As slogans go, "It's the exam boards, stupid" ranks up there in the imbecility stakes with the AUT's pay-campaign from the 1980s: Rectify the Anomaly which unsurprisingly failed to attract the government's attention, or public sympathy. But this does seem to be the preferred stance of a number of people I come across when discussing climate change education in schools. "If only!", they say, "If only we could persuade the examination boards to put climate change into exams, then teachers would have to teach about the issues in schools." "Because, you see," they go on in that ever-so-patient condescending fashion reserved for explanations to the dim-witted, the elderly and foreigners, "Teachers all teach to the test".
Well, they don't. Primary teachers certainly don't and the better secondary ones neither. But that's not my main objection to this slander and counsel of despair. I'm not against exam boards setting questions to do with climate change and ecological problems. I just don't see it as the driver of change in secondary school teaching.
This raises the question that no one seems to want to discuss: examine what, exactly? What are the exam boards to ask questions about? Are these going to be about factual matters related to the here and now? For example, about the increase in atmospheric CO2 since the industrial revolution? About how the greenhouse effect works? About greenhouse gases and their different potencies? About different climatic zones? About the differences between weather and climate? About what the Paris Agreement says? And so on and on.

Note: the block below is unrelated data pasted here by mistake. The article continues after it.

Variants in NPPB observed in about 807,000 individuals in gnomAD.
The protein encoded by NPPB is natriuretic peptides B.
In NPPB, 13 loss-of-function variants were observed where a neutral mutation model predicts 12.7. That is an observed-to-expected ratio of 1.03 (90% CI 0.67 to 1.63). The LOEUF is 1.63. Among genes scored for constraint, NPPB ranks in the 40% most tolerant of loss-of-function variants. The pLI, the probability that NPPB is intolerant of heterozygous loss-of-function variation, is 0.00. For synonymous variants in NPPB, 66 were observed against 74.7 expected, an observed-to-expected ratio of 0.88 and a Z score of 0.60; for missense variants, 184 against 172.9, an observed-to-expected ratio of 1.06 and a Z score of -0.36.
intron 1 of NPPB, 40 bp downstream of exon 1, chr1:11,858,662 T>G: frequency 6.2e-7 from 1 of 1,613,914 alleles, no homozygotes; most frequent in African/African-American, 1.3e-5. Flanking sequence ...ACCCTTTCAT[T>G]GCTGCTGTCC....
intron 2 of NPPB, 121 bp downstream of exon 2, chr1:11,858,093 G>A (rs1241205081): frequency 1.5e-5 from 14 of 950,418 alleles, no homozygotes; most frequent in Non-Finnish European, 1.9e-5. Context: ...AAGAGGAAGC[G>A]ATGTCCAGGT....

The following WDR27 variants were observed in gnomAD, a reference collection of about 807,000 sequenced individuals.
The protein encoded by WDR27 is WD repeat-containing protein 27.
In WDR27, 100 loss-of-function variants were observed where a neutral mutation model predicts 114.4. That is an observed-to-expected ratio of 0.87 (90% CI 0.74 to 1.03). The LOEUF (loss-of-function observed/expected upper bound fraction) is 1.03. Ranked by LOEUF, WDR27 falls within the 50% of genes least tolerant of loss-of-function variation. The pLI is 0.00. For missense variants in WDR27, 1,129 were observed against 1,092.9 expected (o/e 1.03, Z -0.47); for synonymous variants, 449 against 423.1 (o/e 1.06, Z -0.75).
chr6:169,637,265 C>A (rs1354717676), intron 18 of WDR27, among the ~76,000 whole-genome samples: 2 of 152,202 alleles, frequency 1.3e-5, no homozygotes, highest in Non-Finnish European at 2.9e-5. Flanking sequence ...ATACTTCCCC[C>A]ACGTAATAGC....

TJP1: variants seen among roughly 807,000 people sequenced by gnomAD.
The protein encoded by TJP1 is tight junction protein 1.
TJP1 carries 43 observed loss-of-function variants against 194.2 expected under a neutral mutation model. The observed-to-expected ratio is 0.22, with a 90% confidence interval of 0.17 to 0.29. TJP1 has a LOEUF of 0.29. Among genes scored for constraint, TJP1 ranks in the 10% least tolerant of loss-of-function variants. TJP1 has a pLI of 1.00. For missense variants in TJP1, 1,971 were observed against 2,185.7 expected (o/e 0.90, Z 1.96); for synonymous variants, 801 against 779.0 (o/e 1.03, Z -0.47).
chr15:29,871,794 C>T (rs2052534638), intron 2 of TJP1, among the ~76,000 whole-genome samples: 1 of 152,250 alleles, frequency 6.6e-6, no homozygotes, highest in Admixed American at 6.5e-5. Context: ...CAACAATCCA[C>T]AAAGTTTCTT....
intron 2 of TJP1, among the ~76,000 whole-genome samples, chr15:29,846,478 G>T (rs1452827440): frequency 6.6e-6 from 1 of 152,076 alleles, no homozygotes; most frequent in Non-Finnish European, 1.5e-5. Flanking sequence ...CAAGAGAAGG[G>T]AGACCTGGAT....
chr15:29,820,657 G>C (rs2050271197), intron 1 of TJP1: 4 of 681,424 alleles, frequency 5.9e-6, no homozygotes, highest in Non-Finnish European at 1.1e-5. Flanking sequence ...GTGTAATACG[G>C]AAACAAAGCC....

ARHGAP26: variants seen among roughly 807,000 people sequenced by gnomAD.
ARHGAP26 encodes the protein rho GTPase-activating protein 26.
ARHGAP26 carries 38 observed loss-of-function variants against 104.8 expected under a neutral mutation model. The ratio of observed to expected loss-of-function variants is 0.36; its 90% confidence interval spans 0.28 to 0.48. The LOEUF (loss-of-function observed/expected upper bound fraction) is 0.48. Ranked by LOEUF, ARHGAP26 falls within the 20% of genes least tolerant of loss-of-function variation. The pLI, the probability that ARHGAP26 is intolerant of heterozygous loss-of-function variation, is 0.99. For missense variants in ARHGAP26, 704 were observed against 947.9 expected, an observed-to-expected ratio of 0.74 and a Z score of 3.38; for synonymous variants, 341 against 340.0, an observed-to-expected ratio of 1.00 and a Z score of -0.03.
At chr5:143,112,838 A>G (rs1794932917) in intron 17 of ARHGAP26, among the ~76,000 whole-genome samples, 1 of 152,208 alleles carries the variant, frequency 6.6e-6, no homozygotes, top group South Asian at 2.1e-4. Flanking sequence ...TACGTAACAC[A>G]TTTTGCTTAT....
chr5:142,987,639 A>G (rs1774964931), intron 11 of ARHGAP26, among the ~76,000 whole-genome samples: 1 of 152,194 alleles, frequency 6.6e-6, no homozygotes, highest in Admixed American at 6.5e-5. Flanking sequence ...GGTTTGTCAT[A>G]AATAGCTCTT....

These are easy questions to pose, and exam boards (in England anyway) already examine some of these in geography and the sciences [*]. It would also be possible, but much trickier in a pen and paper test, to examine likely issues such as how the IPCC's scenarios will play out as the economy adjusts to the demands of net-zero by 2050, but these stray into politics and values which is why you can see that examining facts is so attractive. But knowledge of facts is not the prime determinants of action.
And anyway, none of this is what young people want schools to be dealing with. They want likely futures to be discussed, and the roles that people will have in determining these. Good luck examining that at 16 in anything but a superficial manner.
[*] The King's research report in 2019 about the state of environmental education in secondary schools in England was not all that impressed by what exam boards got up to. The details are here.